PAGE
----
Raising the Bar on Clean Cooking Standards
Agnes Naluwagga is the Coordinator of the Regional Testing and Knowledge Centre (RTKC) at the Centre for Research in Energy and Energy Conservation (CREEC) at Makerere University in Kampala, Uganda. She is a member of the Uganda National Mirror Committee on Cooking Standards and a member of the global ISO/TC 285 technical committee on Clean Cookstoves and Clean Cooking Solutions.
The Clean Cooking Alliance spoke with Naluwagga about her experiences as a cookstove standards tester in Uganda.
This story is part of a series showcasing women leaders in the clean cooking sector.
“Clean cooking is core to all humanity!”
For Agnes Naluwagga, these words are a principle to live by. As the Coordinator of the Regional Testing and Knowledge Centre, a former Chairperson for the Uganda National Alliance for Clean Cooking (UNACC), and a founding board member for the Women in Renewable Energy Association Uganda (WREA), she deeply believes in and works toward ensuring all households have access to clean cooking.
“Growing up, I loved working with machines and knew I would be an engineer,” Naluwagga said. “After finishing my studies, I worked in Nairobi, Kenya, on strengthening small- and medium-sized enterprises in sub-Saharan Africa involved in sustainable energy investment. I was also involved in training and investment support for developing pro-poor renewable energy solutions. These experiences introduced me to the world of cookstoves.”
During Naluwagga’s orientation at CREEC, she was shown a video demonstrating the adverse effects of polluting cooking methods. “The video stayed with me and made me realize how central cooking was to every individual on Earth, no matter their race, social class, or age. It also drew attention to how ignorant we were of its effects on human health and the environment,” she said.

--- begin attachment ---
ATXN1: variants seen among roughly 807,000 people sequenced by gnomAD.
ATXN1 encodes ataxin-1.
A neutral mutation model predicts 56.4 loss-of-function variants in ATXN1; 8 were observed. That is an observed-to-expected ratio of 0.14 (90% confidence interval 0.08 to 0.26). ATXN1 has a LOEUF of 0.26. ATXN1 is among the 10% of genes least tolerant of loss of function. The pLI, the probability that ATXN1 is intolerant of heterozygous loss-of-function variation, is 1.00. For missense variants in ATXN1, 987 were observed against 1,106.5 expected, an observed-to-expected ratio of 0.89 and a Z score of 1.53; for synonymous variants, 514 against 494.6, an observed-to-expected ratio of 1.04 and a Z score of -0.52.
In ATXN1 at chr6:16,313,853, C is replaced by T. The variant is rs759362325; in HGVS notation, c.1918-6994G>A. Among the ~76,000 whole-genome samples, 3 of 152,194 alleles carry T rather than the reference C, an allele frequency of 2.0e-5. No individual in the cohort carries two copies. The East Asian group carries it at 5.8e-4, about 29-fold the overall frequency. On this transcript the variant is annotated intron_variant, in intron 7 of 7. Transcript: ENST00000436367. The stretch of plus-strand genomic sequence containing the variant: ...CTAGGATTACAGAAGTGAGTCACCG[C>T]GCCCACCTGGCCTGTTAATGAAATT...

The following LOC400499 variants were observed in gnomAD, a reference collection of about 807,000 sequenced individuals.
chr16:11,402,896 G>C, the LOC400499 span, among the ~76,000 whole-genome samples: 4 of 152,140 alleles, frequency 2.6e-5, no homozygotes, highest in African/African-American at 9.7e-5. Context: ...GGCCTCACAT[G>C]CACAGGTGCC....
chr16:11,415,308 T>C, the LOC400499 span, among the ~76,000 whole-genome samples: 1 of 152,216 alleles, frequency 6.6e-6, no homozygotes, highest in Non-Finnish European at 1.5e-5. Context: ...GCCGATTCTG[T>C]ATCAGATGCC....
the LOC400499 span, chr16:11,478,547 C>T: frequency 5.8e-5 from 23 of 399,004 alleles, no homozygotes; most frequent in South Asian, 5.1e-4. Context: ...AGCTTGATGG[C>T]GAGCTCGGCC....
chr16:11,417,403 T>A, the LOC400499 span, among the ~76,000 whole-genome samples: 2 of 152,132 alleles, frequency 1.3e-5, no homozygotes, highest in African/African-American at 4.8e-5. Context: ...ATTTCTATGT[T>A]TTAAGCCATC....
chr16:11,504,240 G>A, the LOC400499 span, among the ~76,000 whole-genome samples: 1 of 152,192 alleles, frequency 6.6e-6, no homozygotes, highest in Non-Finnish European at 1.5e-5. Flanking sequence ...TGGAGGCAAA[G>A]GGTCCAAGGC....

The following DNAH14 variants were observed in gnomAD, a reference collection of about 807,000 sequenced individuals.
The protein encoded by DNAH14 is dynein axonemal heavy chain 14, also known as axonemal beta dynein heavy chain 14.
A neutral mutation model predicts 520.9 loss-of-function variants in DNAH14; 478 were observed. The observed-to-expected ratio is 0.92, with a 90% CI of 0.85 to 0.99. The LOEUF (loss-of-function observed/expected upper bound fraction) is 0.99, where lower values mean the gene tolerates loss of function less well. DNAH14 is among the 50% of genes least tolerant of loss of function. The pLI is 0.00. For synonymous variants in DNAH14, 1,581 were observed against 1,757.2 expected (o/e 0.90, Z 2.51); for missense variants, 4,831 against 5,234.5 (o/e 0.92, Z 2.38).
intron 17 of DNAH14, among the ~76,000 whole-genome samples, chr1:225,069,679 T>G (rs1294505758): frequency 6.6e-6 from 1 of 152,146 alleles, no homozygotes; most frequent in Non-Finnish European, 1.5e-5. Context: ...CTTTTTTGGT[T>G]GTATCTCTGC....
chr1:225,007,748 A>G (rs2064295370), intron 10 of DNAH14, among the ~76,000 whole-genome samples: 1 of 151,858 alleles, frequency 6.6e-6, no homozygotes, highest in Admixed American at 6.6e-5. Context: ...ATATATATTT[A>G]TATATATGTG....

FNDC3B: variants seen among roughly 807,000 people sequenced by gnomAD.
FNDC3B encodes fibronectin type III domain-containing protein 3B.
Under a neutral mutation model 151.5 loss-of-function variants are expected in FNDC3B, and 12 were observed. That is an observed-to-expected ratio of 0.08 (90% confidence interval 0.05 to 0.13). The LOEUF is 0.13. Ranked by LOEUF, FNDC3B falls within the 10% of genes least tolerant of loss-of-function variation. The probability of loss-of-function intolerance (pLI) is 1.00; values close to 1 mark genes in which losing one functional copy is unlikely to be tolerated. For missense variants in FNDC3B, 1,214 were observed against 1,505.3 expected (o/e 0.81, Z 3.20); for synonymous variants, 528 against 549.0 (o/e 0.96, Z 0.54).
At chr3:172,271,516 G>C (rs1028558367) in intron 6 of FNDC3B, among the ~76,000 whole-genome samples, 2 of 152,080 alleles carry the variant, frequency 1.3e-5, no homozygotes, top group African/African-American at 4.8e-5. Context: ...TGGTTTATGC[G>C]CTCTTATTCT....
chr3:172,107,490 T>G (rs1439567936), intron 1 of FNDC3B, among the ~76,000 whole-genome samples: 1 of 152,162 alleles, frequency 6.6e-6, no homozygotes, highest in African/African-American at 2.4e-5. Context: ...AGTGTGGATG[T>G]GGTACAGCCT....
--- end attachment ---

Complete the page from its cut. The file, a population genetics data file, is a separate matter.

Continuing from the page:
Stories of people using hazardous materials to cook their food keep Naluwagga motivated. “I was greatly disturbed when a lady in a focus group discussion told me that people in some rural areas lack the fuel to cook, and so they end up cooking with plastics,” she said. From these combined experiences, Naluwagga realized she had the opportunity to help people who lacked access to clean cooking solutions.
Despite initial setbacks, Naluwagga is most proud of seeing clean cooking finally receiving national recognition in Uganda. “Ten years ago, it was uncommon for a local manufacturer to pay for stove testing. Interest in research and development on cookstove technology was virtually non-existent,” she said. “Today, the CREEC-RTKC is recognized under the Laboratory Recognition Scheme of the Uganda National Bureau of Standards (UNBS) using ISO/IEC 17025:2017. With UNBS recognition, we can test cookstoves on behalf of the standards body, and our test results are officially accepted.”
Gaining this official recognition produced significant outcomes, most notably sparking awareness within the manufacturing community on cookstove standards. Naluwagga commented that, previously, Uganda’s standards were mostly product-specific and not performance-based, thereby hindering innovation and creativity. Under today’s UNBS mandate, Uganda is implementing a voluntary certification program for stove manufacturers to make stove testing mandatory.
Naluwagga feels that the biggest roadblock impeding innovation in clean cooking technologies is working individually. She believes governments must play a key role in coordinating stakeholders to create synergies, minimize duplications and ensure that the benefits reach those that need them the most.
Businesses also must step up. “User-centered technologies are critical for the transition to clean energy. Businesses and donors should address peoples’ actual needs using evidence-based research and not just impose what fits within their scope; otherwise, there will be no sustainability and continued adoption,” said Naluwagga.
Equally important, according to Naluwagga, is the need to inspire more women into the sector. “Women are the core of cooking in every household, so clean cooking should resonate with any woman at any level.” To do this, Naluwagga co-founded the Women in Renewable Energy Association (WREA) Uganda, which aims to increase women’s awareness and involvement in renewable energy through skill enhancement, continued mentorship, innovation, and partnerships.
Naluwagga stays inspired because, “only a few things are as rewarding as seeing a smile on someone’s face because you are providing a solution to a basic need in their life,” she said. “You know that you are contributing to a person’s well-being, and that your impact could be felt by over a third of the global population or more. Don’t give up on that dream.”